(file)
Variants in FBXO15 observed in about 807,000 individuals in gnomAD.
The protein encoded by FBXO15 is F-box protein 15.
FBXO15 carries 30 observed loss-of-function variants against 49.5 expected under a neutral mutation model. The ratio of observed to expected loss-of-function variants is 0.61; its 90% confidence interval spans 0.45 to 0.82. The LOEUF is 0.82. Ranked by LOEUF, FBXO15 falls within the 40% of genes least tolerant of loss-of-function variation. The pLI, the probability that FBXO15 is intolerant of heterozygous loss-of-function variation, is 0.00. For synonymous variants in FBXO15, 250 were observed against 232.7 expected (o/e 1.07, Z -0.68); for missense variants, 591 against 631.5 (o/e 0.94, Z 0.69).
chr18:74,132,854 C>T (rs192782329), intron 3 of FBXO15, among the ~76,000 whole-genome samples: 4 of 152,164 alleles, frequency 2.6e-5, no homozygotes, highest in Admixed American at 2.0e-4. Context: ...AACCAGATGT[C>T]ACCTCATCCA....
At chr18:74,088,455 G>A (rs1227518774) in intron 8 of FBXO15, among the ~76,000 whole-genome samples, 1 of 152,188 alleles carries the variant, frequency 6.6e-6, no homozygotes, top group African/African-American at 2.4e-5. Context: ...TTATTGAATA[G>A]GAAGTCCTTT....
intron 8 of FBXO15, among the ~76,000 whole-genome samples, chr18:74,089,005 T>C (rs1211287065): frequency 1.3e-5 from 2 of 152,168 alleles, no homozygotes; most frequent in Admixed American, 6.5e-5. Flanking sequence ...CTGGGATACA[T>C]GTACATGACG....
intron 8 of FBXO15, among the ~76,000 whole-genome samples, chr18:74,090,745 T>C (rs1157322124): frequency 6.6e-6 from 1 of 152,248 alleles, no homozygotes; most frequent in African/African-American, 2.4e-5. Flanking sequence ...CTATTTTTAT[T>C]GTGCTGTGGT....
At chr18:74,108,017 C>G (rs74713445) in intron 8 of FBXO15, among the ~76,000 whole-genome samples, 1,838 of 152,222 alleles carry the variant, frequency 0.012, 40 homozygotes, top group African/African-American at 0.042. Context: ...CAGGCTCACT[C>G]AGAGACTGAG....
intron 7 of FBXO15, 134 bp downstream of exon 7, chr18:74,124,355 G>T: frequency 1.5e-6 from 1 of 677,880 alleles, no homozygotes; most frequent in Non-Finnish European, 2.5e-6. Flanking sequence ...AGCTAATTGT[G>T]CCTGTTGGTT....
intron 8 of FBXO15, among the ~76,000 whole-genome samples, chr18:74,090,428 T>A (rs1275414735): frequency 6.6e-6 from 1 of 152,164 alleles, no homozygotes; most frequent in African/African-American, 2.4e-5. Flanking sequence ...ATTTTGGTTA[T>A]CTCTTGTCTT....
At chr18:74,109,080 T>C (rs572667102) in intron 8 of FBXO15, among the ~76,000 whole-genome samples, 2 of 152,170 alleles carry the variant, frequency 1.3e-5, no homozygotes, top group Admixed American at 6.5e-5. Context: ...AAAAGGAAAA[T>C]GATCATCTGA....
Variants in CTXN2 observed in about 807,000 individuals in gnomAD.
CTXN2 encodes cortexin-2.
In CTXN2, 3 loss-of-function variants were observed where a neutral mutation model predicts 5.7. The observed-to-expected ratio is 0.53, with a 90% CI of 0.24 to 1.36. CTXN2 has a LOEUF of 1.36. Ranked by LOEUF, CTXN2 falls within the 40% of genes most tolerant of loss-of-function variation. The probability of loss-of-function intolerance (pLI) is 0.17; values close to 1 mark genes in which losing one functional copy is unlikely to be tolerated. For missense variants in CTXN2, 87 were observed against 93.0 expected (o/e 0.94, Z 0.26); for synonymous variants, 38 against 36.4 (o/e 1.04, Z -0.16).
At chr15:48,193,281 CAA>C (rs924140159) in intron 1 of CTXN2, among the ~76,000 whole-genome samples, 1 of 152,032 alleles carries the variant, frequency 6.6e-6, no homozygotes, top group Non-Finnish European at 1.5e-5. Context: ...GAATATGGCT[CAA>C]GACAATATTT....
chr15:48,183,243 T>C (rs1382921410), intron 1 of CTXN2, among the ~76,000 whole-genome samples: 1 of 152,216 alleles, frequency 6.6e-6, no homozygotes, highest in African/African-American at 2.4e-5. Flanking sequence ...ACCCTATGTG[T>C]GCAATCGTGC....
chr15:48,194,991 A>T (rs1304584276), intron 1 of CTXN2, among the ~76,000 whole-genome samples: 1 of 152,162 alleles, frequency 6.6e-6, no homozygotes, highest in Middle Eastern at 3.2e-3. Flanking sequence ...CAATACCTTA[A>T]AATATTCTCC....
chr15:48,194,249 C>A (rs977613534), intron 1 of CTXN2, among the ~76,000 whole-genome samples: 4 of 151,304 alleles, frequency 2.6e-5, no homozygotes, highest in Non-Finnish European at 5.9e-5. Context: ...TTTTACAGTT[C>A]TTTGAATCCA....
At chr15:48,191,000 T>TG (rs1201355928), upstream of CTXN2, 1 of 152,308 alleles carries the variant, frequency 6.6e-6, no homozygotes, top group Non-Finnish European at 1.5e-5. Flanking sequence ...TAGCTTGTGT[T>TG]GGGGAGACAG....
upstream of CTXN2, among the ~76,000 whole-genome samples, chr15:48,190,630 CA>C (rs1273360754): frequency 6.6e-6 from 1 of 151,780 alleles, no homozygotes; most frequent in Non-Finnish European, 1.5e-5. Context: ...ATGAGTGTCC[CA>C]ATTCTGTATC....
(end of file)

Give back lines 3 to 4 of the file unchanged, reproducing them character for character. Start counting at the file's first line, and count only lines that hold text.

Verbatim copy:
FBXO15 carries 30 observed loss-of-function variants against 49.5 expected under a neutral mutation model. The ratio of observed to expected loss-of-function variants is 0.61; its 90% confidence interval spans 0.45 to 0.82. The LOEUF is 0.82. Ranked by LOEUF, FBXO15 falls within the 40% of genes least tolerant of loss-of-function variation. The pLI, the probability that FBXO15 is intolerant of heterozygous loss-of-function variation, is 0.00. For synonymous variants in FBXO15, 250 were observed against 232.7 expected (o/e 1.07, Z -0.68); for missense variants, 591 against 631.5 (o/e 0.94, Z 0.69).
chr18:74,132,854 C>T (rs192782329), intron 3 of FBXO15, among the ~76,000 whole-genome samples: 4 of 152,164 alleles, frequency 2.6e-5, no homozygotes, highest in Admixed American at 2.0e-4. Context: ...AACCAGATGT[C>T]ACCTCATCCA....